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Thread: Yellow Warbler

  1. #1
    Join Date
    Oct 2016
    Location
    Columbus, OH
    Posts
    53

    Yellow Warbler

    Here is the next in my series of birds for the 2017 calendar... the Yellow Warbler. I started on this about 9:00 this morning. I finished it about two hours ago. I made a minor tweak or two after that.

    Click image for larger version. 

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    Here is another project I did a couple of weeks ago. I airbrushed the water and oil-brushed the debris on the water. I used the oil brush with little daubs for the texture on the log. The bird itself is mostly color pencil.

    Click image for larger version. 

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  2. #2
    Join Date
    Oct 2016
    Location
    Columbus, OH
    Posts
    53
    Here is a screen capture of the reference photo I used to paint the heron image. I took the photo with a Pentax digital SLR and a 400mm lens (left). I used a grid to make sure that dimensions were accurate. You'll see minor variations in color. Textures are similar. I didn't bother to paint in the dragonfly since he was not invited into the composed photograph. I do a lot of work with reference photos. I used to do the same with watercolor, charcoal, and ink sketch.

    Click image for larger version. 

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  3. #3
    Join Date
    Jul 2006
    Posts
    22,517
    Always a treat to see an artist going out and shooting their own photo reference and then taking it wherever they choose. Shows a real passion for your subject. Very nice paintings. Alas birds are hard to get to sit still to paint from live. Thank goodness for cameras.

    "Not a bit is wasted and the best is yet to come. . ." -- remembered from a dream

  4. #4
    Join Date
    Apr 2012
    Posts
    299
    Quote Originally Posted by MickeyMaguire View Post
    Here is a screen capture of the reference photo I used to paint the heron image. I took the photo with a Pentax digital SLR and a 400mm lens (left). I used a grid to make sure that dimensions were accurate. You'll see minor variations in color. Textures are similar. I didn't bother to paint in the dragonfly since he was not invited into the composed photograph. I do a lot of work with reference photos. I used to do the same with watercolor, charcoal, and ink sketch.

    Click image for larger version. 

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    Can I ask how you were able to reproduce the shape of the log and bird so exactly the same?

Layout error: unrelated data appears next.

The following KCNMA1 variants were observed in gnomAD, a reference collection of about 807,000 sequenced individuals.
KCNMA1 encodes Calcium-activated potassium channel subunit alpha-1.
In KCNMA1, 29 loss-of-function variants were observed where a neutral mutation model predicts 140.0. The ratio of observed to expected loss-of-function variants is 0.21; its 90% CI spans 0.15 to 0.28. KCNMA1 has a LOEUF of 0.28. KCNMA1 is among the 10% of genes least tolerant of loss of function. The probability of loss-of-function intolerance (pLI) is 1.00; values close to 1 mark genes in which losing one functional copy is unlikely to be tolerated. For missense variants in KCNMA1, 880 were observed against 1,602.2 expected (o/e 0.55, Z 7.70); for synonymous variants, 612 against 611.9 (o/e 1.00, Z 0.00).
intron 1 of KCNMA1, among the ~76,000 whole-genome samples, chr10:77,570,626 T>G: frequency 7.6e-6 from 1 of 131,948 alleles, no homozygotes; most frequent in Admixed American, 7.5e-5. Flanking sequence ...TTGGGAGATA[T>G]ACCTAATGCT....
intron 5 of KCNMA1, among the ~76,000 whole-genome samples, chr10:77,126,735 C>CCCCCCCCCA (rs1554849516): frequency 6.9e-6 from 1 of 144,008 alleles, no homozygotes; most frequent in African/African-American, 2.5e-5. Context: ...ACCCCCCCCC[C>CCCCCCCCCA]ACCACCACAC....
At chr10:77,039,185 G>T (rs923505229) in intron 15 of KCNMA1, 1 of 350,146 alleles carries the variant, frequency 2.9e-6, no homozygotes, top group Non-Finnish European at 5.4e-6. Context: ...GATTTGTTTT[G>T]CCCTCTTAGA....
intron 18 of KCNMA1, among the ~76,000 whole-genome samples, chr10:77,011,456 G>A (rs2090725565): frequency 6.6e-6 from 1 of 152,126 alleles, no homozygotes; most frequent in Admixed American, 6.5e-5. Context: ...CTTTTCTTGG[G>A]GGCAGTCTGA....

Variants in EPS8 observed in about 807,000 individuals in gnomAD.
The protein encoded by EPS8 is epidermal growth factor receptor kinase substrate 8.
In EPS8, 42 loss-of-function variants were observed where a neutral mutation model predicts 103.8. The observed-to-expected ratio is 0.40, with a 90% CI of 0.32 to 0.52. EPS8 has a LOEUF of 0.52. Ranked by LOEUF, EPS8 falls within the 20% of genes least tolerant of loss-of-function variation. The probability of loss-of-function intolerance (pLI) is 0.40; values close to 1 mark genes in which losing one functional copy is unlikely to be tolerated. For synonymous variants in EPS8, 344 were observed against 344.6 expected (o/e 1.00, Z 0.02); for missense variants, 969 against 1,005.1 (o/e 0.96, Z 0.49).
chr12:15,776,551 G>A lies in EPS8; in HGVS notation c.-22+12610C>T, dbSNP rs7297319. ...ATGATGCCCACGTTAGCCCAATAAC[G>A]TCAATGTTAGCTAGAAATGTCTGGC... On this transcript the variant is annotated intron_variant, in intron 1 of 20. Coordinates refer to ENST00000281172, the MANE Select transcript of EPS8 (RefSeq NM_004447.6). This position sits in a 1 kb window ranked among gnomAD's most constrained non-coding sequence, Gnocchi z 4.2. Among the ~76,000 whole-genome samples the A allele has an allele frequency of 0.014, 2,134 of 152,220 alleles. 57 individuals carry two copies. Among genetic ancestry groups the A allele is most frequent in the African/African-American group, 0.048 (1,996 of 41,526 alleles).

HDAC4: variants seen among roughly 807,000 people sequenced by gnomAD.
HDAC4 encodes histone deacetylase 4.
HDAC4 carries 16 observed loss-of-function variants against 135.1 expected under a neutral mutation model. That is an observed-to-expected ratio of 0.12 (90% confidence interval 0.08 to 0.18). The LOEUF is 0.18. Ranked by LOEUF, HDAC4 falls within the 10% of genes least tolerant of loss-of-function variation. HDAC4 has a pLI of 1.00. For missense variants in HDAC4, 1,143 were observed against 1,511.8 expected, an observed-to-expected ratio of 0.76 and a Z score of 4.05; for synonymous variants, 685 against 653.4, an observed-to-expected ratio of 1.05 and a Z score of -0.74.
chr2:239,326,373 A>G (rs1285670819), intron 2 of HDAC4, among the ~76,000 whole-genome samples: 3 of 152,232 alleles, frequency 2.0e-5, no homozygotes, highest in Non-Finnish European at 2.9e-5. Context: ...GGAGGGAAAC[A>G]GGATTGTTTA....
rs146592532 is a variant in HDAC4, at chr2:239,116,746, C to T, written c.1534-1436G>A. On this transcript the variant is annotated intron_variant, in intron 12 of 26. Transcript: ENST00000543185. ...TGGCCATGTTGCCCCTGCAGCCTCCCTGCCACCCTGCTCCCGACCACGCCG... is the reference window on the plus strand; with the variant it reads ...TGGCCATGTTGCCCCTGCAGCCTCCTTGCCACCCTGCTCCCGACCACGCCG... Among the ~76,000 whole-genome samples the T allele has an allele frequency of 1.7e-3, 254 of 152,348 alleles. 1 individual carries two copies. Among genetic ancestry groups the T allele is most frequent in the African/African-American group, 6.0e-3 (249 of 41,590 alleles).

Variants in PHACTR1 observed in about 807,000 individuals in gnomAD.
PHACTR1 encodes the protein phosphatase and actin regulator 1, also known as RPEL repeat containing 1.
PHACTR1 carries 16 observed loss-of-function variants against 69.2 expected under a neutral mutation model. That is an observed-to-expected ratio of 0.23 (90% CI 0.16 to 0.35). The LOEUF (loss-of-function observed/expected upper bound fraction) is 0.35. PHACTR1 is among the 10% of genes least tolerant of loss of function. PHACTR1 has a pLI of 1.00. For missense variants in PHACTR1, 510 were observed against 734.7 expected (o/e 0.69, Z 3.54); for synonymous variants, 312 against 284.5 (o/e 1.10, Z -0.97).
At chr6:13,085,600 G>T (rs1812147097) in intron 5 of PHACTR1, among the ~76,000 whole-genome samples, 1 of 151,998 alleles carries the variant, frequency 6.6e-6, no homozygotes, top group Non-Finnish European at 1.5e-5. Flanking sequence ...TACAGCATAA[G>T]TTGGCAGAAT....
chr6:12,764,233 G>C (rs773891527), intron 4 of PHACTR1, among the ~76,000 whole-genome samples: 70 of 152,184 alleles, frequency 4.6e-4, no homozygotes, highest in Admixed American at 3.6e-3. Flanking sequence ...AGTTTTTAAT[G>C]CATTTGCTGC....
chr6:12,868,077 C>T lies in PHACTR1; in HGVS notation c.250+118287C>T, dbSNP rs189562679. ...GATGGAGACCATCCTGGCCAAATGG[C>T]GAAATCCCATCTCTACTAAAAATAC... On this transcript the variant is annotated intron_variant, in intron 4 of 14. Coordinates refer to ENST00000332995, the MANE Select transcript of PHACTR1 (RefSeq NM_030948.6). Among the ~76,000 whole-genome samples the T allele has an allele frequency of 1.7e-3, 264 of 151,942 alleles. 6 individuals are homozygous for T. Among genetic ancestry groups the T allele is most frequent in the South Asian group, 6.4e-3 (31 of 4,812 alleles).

The geometry, every bit of the shape of the log and bird are so incredibly copied from the reference in the exact same proportions, sizes, etc.... it's astounding.

  5. #5
    Join Date
    May 2007
    Location
    Rome (Italy)
    Posts
    24,113
    Birdwatching is birdpainting I'd say! Fine naturalistic gallery.
    Panta rei (everything flows)!

  6. #6
    Join Date
    Oct 2016
    Location
    Columbus, OH
    Posts
    53
    DarkOwnt, a good question. There are three ways that this can be achieved.

    I got into a habit many years ago (1974-1976) of using a grid to paint military aircraft murals. With a pretty tight grid, you could map out all the points in geometry carefully. That was really important for something like aircraft.

    With modern software, I can plot the image with actual pixel counts in all the major characteristics for the bird and log, for example. The other elements of the composition don't matter.

    If someone wants a perfect duplicate they can trace an outline and make reference points, or they can create a grid layer and use that. They can use a layer and pop in a reference image and just trace the outline, make some faint lines for reference on contrast and value, then start filling in the details.

    I use several different software packages to do what I do, but, that is where I use my grid and plot the image. After that, I prefer jumping into ArtRage and working on it there. The only thing that ArtRage lacks is a pixel position within the image. I rely on that capability to match point for point. ArtRage does the best job with textures and color blending that I have ever found.

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